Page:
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Judd Nelson tries to shed his ''bad guy'' image

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The door to Judd Nelson’s dressing room — the one marked with a Fun Lovin’ Criminals sticker — swings open, and there he stands, his impeccably cropped high-‘n’-tight ‘do rising to the occasion. ”Come on in; hope the air-conditioning isn’t too loud,” the grinning Nelson says. Then, thud! An errant pass from a basketball game next door rattles the walls. Uh-oh, trouble already? Nelson wrinkles his forehead…and smiles politely at his publicist. ”Would you talk to them?” he pleads. ”I don’t want to be the bad guy.”

Judd Nelson? Bad guy? Come to think of it, maybe he has made a career out of playing smirking antiheroes, from the cynical wasteoid in The Breakfast Club to the morally bankrupt elitist of the Billionaire Boys Club. But the 36-year-old Portland, Maine, native — whose off-camera behavior provoked a few tabloid headlines (a skirmish with the law here, a romance with the equally infamous Shannen Doherty there) — is about to throw a career curveball with his sitcom debut as Brooke Shields’ frenetic, miserably married boss on NBC’s Suddenly Susan.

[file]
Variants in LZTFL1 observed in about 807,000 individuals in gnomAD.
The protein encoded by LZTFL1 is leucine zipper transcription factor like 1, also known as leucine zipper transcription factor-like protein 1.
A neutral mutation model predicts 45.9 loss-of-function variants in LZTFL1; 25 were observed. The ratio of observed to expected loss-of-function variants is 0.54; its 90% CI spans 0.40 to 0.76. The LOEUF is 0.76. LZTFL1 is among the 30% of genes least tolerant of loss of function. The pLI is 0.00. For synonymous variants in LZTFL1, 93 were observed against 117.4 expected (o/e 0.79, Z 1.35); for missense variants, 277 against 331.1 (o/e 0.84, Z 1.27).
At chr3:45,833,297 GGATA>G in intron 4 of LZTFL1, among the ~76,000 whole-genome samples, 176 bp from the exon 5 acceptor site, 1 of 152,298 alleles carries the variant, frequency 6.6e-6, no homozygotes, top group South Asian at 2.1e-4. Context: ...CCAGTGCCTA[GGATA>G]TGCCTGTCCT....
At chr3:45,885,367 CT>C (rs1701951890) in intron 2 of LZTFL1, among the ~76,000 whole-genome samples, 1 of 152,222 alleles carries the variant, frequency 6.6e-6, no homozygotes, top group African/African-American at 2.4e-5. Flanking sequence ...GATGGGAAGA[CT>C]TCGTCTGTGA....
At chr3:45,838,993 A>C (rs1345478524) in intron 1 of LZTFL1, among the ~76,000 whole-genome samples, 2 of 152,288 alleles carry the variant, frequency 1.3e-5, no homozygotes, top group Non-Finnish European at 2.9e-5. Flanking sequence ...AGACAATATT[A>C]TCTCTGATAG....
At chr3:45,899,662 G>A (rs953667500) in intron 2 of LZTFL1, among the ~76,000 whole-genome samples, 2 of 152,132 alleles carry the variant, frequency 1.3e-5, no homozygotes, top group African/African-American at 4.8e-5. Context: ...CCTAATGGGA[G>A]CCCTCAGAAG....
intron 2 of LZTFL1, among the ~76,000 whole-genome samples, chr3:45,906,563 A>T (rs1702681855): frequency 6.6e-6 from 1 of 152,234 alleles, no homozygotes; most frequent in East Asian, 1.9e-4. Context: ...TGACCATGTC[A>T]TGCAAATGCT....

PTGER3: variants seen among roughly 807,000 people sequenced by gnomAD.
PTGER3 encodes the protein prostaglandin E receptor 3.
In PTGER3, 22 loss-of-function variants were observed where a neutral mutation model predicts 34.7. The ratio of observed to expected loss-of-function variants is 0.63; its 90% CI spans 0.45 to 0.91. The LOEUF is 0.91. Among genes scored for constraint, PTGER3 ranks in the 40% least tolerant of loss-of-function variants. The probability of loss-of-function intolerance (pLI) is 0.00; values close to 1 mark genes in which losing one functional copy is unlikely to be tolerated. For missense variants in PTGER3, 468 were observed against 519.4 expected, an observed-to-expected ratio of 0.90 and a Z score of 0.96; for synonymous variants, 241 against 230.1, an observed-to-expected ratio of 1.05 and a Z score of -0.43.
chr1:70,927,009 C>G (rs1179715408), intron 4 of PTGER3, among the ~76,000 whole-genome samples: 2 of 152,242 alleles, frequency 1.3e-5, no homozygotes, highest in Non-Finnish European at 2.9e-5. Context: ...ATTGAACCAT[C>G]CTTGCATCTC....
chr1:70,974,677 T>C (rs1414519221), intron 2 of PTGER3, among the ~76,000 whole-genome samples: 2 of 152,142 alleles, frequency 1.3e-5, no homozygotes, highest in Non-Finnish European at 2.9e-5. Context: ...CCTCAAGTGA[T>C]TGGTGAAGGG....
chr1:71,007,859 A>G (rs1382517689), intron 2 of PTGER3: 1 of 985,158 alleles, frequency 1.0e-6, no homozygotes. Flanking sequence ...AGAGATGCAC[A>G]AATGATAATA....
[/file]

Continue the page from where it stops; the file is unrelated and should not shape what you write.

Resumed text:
”Judd was not somebody who we thought, This guy’s perfect for a sitcom,” says Susan exec producer Gary Dontzig. ”But when he read for us, he had the most off-the-wall, daring, skewed takes. I think audiences will be as surprised as we were by his comedic instincts.”

Call it a surprise if you wish, but not a comeback, or even a new beginning. ”I like to think of it as rounds in a boxing match,” relates Nelson, an admitted sports junkie. ”You can be knocked down, but it doesn’t mean you’re out.”

Like fellow Brat Packer Molly Ringwald, Nelson is amused by the hard-to-shake label: ”At the time this whole gang was supposedly cruising the Sunset Strip,” he notes, ”I was living in New York.” Also like Ringwald, his mid-’80s career high was followed by a series of box office clunkers (New Jack City excepted) and forgettable TV specials (Harley-Davidson: The American Motorcycle included). Off camera, he was partying till morning’s set call.

Then Nelson turned 30. Suddenly, says the actor, ”someone would ask, ‘Hey, wanna go out and do this really stupid thing?’ and I was like, ‘Noooooo….’ Maybe it’s that prolonged adolescence I went through, trying to be deep as opposed to just letting everything seek its own level. I’m certainly not at peace, but I try.”

Peace and quiet may still be a ways off; in addition to Susan, he’s costarring in Shaquille O’Neal’s upcoming movie, Steel. What’s the part? Nelson smiles almost apologetically: ”The bad guy.”

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